What Is The Stereotype Content Model? The Stereotype Content Model In A Nutshell

The stereotype content model was first proposed by social psychologist Susan Fiske together with colleagues Jun Xu, Peter Glick, and Amy Cuddy in 2002. The stereotype content model (SCM) describes the way an individual stereotypes members of a group they do not identify with.

Understanding the stereotype content model

The model is based on an evolutionary predisposition for people to stereotype strangers in a new group in two different ways:

  • The individual first assesses the perceived intent of the group to either help them or harm them. This is measured by the metric warmth.
  • Then, the individual judges the capacity of the group to act on either intention. This is measured by the metric competence.

Depending on how warmth and competence are categorized, the individual will feel a particular way about a group and act accordingly. These actions are the basis of stereotyping, with subsequent research into the model finding it to be a reliable predictor of stereotypical content and its associated behavior.

Studies on warmth and competence in social psychology have also been utilized in fields such as advertising, international relations, persuasion, policy formation, and corporate management

The four quadrants of the stereotype content model

To further develop their model, Cuddy, Fiske, and Glick developed a table to show the different interactions between warmth and competence. The table displays four quadrants, with each based on a causal model of stereotype development.

Primarily, the table was created to show that some stereotypes were positive or contained mixed attributes. For example, some people stereotype the elderly as warm but not competent, while others may consider Asian people to be competent but not warm.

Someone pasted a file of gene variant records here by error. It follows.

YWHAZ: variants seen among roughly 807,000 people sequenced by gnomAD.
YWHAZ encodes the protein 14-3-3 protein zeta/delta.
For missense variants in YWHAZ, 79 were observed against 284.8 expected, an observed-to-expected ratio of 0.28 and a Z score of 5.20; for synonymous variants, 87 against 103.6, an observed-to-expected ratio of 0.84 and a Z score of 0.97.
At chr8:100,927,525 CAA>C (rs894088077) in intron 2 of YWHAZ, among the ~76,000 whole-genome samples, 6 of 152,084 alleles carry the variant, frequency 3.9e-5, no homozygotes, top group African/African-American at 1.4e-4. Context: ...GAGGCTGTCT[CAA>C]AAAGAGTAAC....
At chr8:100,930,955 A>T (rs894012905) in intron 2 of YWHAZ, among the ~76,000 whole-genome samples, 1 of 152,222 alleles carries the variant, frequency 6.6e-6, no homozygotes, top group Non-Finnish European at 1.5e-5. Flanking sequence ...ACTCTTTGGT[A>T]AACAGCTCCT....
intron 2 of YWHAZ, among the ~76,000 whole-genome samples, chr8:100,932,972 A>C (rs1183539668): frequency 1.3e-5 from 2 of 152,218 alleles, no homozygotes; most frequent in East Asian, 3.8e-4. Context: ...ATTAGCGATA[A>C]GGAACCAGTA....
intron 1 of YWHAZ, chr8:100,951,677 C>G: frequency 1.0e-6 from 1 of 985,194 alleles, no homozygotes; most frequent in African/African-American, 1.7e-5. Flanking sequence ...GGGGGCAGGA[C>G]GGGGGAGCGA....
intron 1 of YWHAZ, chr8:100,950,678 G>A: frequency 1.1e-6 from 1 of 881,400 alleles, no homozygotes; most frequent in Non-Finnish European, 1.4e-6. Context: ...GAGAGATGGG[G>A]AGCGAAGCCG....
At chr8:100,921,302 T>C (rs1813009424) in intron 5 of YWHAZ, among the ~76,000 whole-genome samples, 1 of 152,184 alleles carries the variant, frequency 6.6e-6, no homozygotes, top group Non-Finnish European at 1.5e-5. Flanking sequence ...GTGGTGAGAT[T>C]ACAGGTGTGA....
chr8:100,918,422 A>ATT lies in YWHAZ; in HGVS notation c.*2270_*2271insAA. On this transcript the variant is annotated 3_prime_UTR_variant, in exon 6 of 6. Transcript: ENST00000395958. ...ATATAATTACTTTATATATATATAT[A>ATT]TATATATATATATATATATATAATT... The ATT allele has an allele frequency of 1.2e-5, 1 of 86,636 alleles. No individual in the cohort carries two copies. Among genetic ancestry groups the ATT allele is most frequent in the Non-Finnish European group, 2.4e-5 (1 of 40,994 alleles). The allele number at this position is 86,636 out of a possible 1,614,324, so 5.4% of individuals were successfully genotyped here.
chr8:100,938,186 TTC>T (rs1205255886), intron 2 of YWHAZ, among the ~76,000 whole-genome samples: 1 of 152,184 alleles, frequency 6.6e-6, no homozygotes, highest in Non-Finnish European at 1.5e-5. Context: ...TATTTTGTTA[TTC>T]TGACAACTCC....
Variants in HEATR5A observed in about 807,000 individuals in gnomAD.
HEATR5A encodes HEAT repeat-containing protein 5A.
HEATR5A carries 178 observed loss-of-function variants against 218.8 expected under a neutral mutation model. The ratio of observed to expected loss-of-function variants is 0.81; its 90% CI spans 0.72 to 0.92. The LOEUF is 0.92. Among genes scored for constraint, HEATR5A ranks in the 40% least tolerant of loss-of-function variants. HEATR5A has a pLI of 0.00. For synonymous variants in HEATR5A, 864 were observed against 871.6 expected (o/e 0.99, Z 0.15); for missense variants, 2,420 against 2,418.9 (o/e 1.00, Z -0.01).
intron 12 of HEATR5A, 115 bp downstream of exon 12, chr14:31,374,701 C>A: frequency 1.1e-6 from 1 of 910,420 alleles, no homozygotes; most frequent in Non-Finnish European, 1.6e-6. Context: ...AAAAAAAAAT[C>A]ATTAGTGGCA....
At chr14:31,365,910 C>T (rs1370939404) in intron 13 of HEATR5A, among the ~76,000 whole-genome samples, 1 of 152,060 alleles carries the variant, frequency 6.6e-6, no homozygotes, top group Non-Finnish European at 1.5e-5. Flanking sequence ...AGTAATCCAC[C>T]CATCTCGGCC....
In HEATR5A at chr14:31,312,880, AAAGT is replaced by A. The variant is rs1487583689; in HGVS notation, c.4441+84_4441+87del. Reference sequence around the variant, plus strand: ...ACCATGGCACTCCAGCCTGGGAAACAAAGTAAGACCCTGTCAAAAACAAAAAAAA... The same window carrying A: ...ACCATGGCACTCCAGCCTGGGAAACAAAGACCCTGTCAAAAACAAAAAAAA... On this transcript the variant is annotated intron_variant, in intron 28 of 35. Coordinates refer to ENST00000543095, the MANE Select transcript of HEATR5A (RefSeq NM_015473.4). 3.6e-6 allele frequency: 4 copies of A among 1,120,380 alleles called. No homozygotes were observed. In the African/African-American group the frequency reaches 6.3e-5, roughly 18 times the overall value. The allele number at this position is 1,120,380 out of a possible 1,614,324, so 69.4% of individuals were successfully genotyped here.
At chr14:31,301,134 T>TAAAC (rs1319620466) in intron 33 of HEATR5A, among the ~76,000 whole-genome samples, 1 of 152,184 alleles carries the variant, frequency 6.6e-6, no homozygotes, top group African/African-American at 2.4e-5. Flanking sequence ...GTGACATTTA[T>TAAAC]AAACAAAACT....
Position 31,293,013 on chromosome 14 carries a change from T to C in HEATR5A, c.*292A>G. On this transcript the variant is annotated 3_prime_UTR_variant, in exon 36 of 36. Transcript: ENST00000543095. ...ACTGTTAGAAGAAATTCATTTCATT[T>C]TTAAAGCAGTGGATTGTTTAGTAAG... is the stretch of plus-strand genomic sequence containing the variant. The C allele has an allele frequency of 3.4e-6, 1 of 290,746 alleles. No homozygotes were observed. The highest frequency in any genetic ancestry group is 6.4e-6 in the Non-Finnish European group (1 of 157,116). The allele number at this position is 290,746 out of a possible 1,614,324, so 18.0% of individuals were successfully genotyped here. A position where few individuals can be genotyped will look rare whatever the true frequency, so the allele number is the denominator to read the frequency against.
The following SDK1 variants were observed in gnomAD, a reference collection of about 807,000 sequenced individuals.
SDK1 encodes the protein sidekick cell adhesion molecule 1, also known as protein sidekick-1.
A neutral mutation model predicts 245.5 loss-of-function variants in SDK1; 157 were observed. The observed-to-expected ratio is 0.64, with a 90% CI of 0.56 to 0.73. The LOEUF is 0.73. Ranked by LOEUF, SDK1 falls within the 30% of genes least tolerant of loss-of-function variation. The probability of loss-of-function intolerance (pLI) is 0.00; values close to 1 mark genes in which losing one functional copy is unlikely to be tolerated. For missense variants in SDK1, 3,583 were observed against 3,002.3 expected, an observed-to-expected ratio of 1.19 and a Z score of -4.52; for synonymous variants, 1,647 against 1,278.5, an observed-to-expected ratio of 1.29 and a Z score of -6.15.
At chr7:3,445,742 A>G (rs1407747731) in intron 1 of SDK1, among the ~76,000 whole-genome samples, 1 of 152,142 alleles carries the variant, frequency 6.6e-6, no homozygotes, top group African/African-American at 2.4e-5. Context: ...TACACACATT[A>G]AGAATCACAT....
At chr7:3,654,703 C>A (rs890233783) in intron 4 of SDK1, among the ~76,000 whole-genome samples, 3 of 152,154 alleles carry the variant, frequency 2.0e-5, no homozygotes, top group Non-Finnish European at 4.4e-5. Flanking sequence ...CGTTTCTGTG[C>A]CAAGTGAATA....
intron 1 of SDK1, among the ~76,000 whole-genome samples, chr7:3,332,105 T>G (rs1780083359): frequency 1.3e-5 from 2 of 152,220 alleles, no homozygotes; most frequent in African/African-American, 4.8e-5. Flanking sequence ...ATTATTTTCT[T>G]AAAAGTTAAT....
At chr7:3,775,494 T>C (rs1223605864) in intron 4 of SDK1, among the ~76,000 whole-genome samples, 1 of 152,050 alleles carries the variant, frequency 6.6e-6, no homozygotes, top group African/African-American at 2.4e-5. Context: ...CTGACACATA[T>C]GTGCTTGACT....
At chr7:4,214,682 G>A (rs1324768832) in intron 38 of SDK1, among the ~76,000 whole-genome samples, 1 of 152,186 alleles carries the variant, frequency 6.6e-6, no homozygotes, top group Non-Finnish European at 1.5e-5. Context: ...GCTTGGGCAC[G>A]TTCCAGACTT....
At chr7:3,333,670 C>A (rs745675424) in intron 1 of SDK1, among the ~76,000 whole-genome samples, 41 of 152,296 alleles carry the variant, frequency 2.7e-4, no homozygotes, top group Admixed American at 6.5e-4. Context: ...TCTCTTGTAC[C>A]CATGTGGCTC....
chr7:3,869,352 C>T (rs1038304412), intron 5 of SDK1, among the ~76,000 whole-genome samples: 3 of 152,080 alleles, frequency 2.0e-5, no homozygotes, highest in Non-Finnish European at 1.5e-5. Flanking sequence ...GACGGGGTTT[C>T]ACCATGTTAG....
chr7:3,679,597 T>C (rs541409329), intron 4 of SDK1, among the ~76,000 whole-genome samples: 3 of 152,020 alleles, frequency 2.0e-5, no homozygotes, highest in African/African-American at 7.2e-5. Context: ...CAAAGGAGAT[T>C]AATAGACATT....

The table has two spectrums:

  • Active/passive spectrum – active behaviors are intentionally directed at the group, while passive behaviors affect the group but do not require noticeable effort.
  • Harm/facilitation spectrum – the second spectrum is included to differentiate between the out-group an individual (or in-group) is in a position to either assist or harm.

In addition, each stereotype group quadrant is assigned two behavioral tendencies. This means common cultural stereotypes determine whether a social group will be on the receiving end of cooperative or harmful behavior, with both received either actively or passively.

Let’s now take a look at each of the four quadrants:

  1. High warmth/high competence – these groups are admired with active facilitation and constitute in-groups, or groups to which the observer personally belongs. Middle class, white, and heterosexual groups fall under this quadrant.
  2. High warmth/low competence – these groups are pitied with passive facilitation. In many Western societies, this treatment is usually directed toward the elderly and disabled. While these groups are pitied from a moral standpoint, they are nonetheless isolated from society. For example, elderly people receive passive harm when they are isolated in a care facility. But they may also receive active facilitation through community service or elderly charities.
  3. Low warmth/high competence – these groups are envied with passive harm because they are generally perceived to lack warmth and possess high competency. In the United States, out-groups include Asian Americans, wealthy Americans, and the Jewish community.
  4. Low warmth/low competence – these groups are treated with contempt through active harm, such as the homeless or unemployed. Perhaps unsurprisingly, they are treated with the most hostility of any group.

Key takeaways:

  • The stereotype content model describes the way an individual stereotypes members of a group they do not identify with. It was developed by social psychologist Susan Fiske and colleagues Jun Xu, Peter Glick, and Amy Cuddy in 2002.
  • The stereotype content model measures two dimensions that describe the way an individual will feel (and subsequently act) when encountering a stranger or group. The first dimension is warmth, or the extent to which the individual believes a group can harm them or help them. The second is competence, or the extent to which the group can carry out either intention.
  • The two dimensions of the stereotype content model were later displayed in a table with four quadrants. Each quadrant describes a different stereotype out-group, with each categorized according to whether they will be on the receiving end of harmful or cooperative behavior.

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